Horror Fiction

Is anyone writing horror out there? I love horror fiction and although it competes with crime on a global scale as one of the top genres, I feel it’s still underrated and under-appreciated in the UK and Ireland. I’ve felt rather out on a limb with my attempts at literary horror fiction, but that’s probably because I didn’t know this place – the Horror Writers Association – existed! Thanks to Paul Fitzgerald, a fellow writing.ie blogger, I’ve now found a homely hub for my guilty pleasure! 

Publishing opportunities

Take a look at the exciting new journal, Spontaneity, a refreshing new arts journal that’s all about inspiration, (think future submissions inspired by those selected for publication in previous issues). The first issue has the theme of Age and Beauty – details here.

As writers, we’re always looking for new outlets whether it’s competitions, journals or publishing houses. So here’s a few that stand out: firstly (you’ll have to be quick to get this one in – deadline is Nov 15th), Susan Lanigan’s free-to-enter short fiction competition Walking on Thin Ice based around ‘mental illness, stigma and oppressive institutional power’.  It may be free but the judge is Dave Lordan and there are cash prizes.

Two presses that have caught my interest are erbacce press, a co-operative that makes sure all contributors receive royalties, with all money feeding back into publishing more writers, and Notting Hill Editions, the home of the essay that’s doing exciting things (it produced the gorgeous Deborah Levy Things I Don’t Want To Know essay in response to Orwell’s Why I Write). Go check them both out – they’re gorgeous.

Art meets literature

It seems that every time you think there are no more incredibly interesting ideas left to discover, some talented/forward thinking individual comes up with one! In case you haven’t heard, there’s a weird but probably very wonderful installation/project happening around the Liffey, with quotes from Joyce being washed into the grime of the river’s surrounding walls. Derek Flynn has the info here.

Writing motivation

And finally, here’s a lovely post, I am Good Enough, And So Are You by Susan Lanigan that’s bound to lift your writing spirits.

If you have any more articles, links or competitions you think should be shared, please add in the comments below! I only have a certain amount of time free for researching this kind of stuff (with most of my info through blog subscriptions, twitter, writing.ie and chatting in Whyte Books) – so I’d be delighted if you’d expand my horizons!

Anyone need a writing prompt?

Australia, Blue Mountains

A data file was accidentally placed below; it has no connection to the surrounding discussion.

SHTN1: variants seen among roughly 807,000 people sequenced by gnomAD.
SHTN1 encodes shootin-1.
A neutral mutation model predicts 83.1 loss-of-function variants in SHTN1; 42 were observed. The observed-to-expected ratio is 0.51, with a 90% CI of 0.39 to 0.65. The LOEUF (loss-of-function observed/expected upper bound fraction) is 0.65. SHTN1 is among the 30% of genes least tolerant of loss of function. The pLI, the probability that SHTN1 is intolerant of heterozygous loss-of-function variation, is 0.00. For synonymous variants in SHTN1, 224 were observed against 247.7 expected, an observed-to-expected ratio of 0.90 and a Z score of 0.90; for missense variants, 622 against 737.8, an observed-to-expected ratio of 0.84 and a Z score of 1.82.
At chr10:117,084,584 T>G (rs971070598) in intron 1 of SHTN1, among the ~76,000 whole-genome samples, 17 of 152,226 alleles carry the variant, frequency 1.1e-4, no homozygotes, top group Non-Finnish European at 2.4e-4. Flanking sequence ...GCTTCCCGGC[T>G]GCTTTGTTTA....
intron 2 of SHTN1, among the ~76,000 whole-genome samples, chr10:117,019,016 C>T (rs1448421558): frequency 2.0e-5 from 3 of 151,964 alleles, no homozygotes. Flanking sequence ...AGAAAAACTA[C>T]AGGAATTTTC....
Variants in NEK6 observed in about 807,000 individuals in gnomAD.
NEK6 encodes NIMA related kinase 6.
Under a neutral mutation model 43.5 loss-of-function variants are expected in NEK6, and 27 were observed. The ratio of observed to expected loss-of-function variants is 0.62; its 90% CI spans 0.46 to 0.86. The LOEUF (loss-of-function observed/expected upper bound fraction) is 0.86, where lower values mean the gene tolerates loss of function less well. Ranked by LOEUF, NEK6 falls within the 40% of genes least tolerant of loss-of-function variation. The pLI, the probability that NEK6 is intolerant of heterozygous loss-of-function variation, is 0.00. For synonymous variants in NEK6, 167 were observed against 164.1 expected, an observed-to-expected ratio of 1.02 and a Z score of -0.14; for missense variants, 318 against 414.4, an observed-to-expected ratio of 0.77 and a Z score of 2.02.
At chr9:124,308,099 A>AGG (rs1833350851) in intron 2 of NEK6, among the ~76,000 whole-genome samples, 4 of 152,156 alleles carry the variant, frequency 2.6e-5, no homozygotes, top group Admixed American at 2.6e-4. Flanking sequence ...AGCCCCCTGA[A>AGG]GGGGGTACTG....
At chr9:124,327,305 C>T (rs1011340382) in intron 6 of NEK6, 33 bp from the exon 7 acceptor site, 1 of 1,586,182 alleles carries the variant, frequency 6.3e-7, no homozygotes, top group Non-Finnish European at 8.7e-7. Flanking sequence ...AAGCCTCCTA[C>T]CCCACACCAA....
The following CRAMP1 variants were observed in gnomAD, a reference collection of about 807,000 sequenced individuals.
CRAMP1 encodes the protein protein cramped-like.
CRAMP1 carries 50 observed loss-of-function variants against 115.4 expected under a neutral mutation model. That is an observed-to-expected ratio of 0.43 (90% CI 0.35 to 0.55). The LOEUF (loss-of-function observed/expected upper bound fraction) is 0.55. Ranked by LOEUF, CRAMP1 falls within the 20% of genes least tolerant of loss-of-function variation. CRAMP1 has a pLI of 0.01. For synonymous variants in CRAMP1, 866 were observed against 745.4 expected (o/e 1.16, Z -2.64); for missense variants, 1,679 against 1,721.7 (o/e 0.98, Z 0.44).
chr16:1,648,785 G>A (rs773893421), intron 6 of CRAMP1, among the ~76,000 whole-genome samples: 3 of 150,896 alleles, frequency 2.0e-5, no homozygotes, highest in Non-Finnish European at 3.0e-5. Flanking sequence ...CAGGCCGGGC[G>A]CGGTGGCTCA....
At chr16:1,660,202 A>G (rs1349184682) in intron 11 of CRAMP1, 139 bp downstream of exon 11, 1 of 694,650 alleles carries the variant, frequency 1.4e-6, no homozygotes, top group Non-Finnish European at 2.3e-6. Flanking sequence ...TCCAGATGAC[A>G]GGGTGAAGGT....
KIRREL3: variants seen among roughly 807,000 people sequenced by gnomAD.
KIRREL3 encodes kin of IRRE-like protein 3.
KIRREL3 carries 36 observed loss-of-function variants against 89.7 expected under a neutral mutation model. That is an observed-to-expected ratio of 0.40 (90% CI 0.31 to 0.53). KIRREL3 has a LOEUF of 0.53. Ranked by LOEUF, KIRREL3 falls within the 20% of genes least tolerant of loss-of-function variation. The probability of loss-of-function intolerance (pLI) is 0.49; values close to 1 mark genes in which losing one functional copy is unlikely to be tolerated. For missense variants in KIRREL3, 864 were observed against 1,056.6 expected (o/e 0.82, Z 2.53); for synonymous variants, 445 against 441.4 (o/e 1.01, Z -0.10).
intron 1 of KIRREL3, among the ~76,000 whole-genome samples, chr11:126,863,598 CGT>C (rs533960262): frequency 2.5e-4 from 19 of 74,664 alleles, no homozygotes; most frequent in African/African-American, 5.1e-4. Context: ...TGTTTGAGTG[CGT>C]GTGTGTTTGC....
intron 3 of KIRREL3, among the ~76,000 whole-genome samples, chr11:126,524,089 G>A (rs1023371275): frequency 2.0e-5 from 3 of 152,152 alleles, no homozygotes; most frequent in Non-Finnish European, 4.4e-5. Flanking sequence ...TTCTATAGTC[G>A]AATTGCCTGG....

I remember sun. I think I quite liked it!

I’m back! I’ve reached the finish line and my book is now with my agent – phew! I’ve also managed to squeeze in a few writing competitions along the way.

Luckily, just like the lovely Hazel Gaynor, I’m brimming with new ideas. But I realise that isn’t always the case…Which is partly why I write the Wordspark blog for writing.ie

If you haven’t yet heard of writing.ie, it’s a wonderful site set up by Vanessa O’Loughlin for writers at all stages of their career. Although Ireland-based, it’s suitable for writers anywhere in the world. If you haven’t already, take a peek. There’s so much info on there from some of the world’s top best-selling authors, it’s an invaluable resource.

But back to ideas for your writing…

The idea behind Wordspark is to get creativity flowing. The prompts can be used to fire up the imagination as a pre-writing/editing exercise or to spark off a piece that can be sculpted into a competition or journal submission further down the line.

It’s a little extra help, when needed.

Here are a few of the #wordsparks already posted – take your pick and join in!

Description – ten words describing the sea

Postcard Prompts x3 – Trains, Art and Balloon Sellers

Rhyming Couplet – using a photo as inspiration.

There’ll be plenty more coming. If you find them useful, stay tuned!

Introducing Wordspark: A New Resource for Writers

Perfect place for people-spotting

Do you find it difficult to find inspiration when starting a new project? Have your ideas run dry? Are you in need of a few creative writing exercises to warm up your brain before settling into your latest work in progress? Or do you just fancy trying something different?

Let me help…

This week, I’d like to introduce you Wordspark: my new blog for Ireland’s biggest writing website, Writing.ie. Updated on a weekly basis, Wordspark offers writing ideas and prompts to help inspire you to write.

After all, isn’t that what writers do?

Using a variety of media – photographs, postcards, video, quotes, situations – Wordspark will make sure that you have plenty of ideas to choose from. Of course, providing the prompts is only part of the commitment. The hard work – and determination – comes from you.

So, why not stop by Wordspark and have a bash at one of my initial exercises? I’d love to see what you come up with and hear what you think.

As you know, I’m a big fan of paying it back and supporting writers at any level of their career. If just one person gets something out of my suggestions, I’d be delighted. But of course – the more the merrier.  Visit Wordspark and get inspired to write today.

Write For You

Mine, all mine! (chocolates, Melbourne)

When you write, when you create your poems, stories or novels, who are you writing for?